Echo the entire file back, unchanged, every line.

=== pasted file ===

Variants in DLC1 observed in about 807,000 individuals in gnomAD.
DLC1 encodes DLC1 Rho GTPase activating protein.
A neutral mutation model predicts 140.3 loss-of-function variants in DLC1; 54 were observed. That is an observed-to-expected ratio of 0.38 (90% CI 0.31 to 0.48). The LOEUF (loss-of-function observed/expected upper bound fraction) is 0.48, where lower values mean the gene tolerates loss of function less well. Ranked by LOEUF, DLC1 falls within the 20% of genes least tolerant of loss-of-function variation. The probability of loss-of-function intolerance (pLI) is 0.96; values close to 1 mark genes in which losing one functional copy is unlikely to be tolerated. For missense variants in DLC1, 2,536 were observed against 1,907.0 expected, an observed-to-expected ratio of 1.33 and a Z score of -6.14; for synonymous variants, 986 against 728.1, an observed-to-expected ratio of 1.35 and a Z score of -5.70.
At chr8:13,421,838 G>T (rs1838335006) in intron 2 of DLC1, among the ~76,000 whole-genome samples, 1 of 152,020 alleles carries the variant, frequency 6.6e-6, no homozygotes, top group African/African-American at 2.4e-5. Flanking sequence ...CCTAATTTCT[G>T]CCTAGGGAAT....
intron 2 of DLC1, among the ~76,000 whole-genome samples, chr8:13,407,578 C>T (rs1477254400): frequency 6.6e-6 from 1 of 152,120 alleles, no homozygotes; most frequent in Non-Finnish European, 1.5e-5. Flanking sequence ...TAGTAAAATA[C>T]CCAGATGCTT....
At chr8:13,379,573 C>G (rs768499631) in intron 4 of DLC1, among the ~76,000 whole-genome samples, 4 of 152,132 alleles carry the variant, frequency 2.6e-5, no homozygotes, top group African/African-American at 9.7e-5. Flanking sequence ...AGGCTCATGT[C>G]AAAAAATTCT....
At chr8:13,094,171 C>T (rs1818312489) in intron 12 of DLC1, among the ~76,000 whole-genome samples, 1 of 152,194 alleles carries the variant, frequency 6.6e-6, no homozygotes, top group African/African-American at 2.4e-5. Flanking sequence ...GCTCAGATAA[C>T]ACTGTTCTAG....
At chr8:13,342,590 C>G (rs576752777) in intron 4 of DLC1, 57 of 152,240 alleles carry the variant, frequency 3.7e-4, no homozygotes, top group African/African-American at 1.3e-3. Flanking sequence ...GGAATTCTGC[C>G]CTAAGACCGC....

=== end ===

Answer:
Variants in DLC1 observed in about 807,000 individuals in gnomAD.
DLC1 encodes DLC1 Rho GTPase activating protein.
A neutral mutation model predicts 140.3 loss-of-function variants in DLC1; 54 were observed. That is an observed-to-expected ratio of 0.38 (90% CI 0.31 to 0.48). The LOEUF (loss-of-function observed/expected upper bound fraction) is 0.48, where lower values mean the gene tolerates loss of function less well. Ranked by LOEUF, DLC1 falls within the 20% of genes least tolerant of loss-of-function variation. The probability of loss-of-function intolerance (pLI) is 0.96; values close to 1 mark genes in which losing one functional copy is unlikely to be tolerated. For missense variants in DLC1, 2,536 were observed against 1,907.0 expected, an observed-to-expected ratio of 1.33 and a Z score of -6.14; for synonymous variants, 986 against 728.1, an observed-to-expected ratio of 1.35 and a Z score of -5.70.
At chr8:13,421,838 G>T (rs1838335006) in intron 2 of DLC1, among the ~76,000 whole-genome samples, 1 of 152,020 alleles carries the variant, frequency 6.6e-6, no homozygotes, top group African/African-American at 2.4e-5. Flanking sequence ...CCTAATTTCT[G>T]CCTAGGGAAT....
intron 2 of DLC1, among the ~76,000 whole-genome samples, chr8:13,407,578 C>T (rs1477254400): frequency 6.6e-6 from 1 of 152,120 alleles, no homozygotes; most frequent in Non-Finnish European, 1.5e-5. Flanking sequence ...TAGTAAAATA[C>T]CCAGATGCTT....
At chr8:13,379,573 C>G (rs768499631) in intron 4 of DLC1, among the ~76,000 whole-genome samples, 4 of 152,132 alleles carry the variant, frequency 2.6e-5, no homozygotes, top group African/African-American at 9.7e-5. Flanking sequence ...AGGCTCATGT[C>G]AAAAAATTCT....
At chr8:13,094,171 C>T (rs1818312489) in intron 12 of DLC1, among the ~76,000 whole-genome samples, 1 of 152,194 alleles carries the variant, frequency 6.6e-6, no homozygotes, top group African/African-American at 2.4e-5. Flanking sequence ...GCTCAGATAA[C>T]ACTGTTCTAG....
At chr8:13,342,590 C>G (rs576752777) in intron 4 of DLC1, 57 of 152,240 alleles carry the variant, frequency 3.7e-4, no homozygotes, top group African/African-American at 1.3e-3. Flanking sequence ...GGAATTCTGC[C>G]CTAAGACCGC....